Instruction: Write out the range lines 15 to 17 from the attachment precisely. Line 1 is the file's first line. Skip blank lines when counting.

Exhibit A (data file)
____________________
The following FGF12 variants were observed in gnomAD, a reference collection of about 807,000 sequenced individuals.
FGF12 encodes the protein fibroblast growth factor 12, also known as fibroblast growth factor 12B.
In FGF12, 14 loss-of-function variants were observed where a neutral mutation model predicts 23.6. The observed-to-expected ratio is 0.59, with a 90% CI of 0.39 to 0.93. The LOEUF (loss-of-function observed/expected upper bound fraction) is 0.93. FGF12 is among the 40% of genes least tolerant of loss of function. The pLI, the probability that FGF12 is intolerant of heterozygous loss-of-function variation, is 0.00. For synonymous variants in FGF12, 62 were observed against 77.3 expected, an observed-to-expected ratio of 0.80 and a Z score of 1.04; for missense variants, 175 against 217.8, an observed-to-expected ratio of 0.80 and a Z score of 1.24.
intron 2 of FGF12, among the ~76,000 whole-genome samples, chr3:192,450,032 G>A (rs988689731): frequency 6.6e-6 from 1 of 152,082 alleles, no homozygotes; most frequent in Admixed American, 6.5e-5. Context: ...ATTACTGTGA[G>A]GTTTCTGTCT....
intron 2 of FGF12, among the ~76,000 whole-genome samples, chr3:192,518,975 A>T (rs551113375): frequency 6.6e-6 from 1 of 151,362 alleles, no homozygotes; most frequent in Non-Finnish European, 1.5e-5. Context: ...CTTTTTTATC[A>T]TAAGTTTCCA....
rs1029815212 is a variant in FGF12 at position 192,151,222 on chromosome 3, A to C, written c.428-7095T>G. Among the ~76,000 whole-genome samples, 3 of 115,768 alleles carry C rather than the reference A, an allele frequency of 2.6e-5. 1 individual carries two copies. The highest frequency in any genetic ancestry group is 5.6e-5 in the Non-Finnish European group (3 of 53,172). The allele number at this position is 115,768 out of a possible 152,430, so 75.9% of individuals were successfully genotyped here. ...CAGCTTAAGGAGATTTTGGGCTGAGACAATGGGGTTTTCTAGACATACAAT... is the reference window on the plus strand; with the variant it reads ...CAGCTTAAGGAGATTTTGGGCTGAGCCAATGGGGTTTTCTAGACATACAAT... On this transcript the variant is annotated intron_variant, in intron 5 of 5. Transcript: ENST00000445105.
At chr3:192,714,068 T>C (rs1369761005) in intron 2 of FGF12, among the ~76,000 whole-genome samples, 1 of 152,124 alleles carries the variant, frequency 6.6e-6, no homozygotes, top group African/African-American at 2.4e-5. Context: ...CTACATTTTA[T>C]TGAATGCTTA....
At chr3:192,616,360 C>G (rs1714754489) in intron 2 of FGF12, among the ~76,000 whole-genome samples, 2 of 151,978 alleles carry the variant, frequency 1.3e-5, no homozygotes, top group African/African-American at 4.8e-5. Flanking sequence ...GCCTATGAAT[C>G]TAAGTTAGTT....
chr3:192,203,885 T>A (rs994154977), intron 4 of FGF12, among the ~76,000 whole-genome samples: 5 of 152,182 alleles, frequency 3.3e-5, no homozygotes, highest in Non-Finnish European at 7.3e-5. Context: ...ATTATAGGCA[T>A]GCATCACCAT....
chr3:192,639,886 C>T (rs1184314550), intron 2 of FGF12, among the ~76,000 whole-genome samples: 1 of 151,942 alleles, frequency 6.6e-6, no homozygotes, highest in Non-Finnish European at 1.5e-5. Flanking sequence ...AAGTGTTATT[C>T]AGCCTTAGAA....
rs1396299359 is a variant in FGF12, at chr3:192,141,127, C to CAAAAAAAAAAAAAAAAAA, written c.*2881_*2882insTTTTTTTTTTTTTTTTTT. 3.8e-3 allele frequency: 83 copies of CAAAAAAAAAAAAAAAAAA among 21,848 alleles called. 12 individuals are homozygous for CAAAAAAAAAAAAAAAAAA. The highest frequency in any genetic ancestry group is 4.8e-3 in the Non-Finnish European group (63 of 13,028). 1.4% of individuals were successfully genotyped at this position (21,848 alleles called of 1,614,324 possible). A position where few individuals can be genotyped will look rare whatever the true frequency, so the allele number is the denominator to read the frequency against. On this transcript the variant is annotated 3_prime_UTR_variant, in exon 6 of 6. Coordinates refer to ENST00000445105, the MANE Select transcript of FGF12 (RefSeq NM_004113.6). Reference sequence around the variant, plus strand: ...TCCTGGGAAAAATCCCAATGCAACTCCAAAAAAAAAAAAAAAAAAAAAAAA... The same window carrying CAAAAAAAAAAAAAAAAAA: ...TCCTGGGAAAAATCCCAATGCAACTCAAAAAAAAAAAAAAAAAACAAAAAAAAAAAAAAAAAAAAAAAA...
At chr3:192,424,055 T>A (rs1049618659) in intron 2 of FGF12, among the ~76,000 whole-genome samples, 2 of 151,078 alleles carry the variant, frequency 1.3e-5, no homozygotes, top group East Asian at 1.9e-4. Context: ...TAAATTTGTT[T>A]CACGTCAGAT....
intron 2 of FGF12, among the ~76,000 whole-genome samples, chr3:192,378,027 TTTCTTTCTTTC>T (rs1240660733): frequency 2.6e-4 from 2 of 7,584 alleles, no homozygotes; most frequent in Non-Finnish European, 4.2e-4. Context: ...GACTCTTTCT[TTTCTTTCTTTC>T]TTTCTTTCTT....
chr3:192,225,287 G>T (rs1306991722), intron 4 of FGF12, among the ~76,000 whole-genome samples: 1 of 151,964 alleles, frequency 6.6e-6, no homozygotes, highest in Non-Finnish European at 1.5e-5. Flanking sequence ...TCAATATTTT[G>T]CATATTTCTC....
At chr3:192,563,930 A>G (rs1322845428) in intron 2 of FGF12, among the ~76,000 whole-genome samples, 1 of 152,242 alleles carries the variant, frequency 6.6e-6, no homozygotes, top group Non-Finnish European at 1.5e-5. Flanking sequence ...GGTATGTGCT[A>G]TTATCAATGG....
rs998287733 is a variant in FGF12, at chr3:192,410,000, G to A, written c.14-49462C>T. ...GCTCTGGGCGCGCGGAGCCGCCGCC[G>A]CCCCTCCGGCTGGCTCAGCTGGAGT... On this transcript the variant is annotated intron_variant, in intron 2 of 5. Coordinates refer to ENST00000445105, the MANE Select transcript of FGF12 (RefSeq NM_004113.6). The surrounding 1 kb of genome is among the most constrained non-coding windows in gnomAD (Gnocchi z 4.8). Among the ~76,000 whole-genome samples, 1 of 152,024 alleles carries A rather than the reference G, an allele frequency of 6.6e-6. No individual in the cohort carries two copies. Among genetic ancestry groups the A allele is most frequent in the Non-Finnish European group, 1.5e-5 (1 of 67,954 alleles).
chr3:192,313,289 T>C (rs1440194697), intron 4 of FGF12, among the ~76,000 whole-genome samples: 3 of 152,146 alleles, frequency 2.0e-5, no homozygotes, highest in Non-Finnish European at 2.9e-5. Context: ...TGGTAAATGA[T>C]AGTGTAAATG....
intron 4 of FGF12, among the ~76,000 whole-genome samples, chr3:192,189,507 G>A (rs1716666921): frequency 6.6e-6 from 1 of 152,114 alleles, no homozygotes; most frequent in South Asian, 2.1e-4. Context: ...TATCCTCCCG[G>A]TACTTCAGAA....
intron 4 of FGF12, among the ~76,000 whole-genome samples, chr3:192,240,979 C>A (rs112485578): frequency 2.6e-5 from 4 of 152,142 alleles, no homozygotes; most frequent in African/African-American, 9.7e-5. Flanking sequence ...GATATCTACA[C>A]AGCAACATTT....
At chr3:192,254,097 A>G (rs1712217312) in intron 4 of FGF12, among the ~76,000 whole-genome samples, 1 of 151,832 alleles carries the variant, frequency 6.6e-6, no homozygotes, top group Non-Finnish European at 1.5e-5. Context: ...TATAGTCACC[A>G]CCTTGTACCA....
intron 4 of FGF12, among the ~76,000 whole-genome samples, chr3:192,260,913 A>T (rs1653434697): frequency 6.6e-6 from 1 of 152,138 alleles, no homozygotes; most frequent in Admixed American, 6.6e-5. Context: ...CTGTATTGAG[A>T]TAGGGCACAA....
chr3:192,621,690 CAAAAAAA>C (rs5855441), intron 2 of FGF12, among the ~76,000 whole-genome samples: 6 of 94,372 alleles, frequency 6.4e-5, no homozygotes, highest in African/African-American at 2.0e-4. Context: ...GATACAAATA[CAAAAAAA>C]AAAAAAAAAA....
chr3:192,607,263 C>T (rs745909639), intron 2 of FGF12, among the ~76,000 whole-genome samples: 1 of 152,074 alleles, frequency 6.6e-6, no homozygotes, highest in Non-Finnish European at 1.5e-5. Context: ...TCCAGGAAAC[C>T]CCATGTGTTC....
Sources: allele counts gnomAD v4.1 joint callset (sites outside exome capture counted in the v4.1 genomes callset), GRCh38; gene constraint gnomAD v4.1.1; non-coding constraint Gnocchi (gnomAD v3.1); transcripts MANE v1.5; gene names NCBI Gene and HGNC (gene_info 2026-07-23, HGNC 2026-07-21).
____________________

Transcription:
At chr3:192,563,930 A>G (rs1322845428) in intron 2 of FGF12, among the ~76,000 whole-genome samples, 1 of 152,242 alleles carries the variant, frequency 6.6e-6, no homozygotes, top group Non-Finnish European at 1.5e-5. Flanking sequence ...GGTATGTGCT[A>G]TTATCAATGG....
rs998287733 is a variant in FGF12, at chr3:192,410,000, G to A, written c.14-49462C>T. ...GCTCTGGGCGCGCGGAGCCGCCGCC[G>A]CCCCTCCGGCTGGCTCAGCTGGAGT... On this transcript the variant is annotated intron_variant, in intron 2 of 5. Coordinates refer to ENST00000445105, the MANE Select transcript of FGF12 (RefSeq NM_004113.6). The surrounding 1 kb of genome is among the most constrained non-coding windows in gnomAD (Gnocchi z 4.8). Among the ~76,000 whole-genome samples, 1 of 152,024 alleles carries A rather than the reference G, an allele frequency of 6.6e-6. No individual in the cohort carries two copies. Among genetic ancestry groups the A allele is most frequent in the Non-Finnish European group, 1.5e-5 (1 of 67,954 alleles).
chr3:192,313,289 T>C (rs1440194697), intron 4 of FGF12, among the ~76,000 whole-genome samples: 3 of 152,146 alleles, frequency 2.0e-5, no homozygotes, highest in Non-Finnish European at 2.9e-5. Context: ...TGGTAAATGA[T>C]AGTGTAAATG....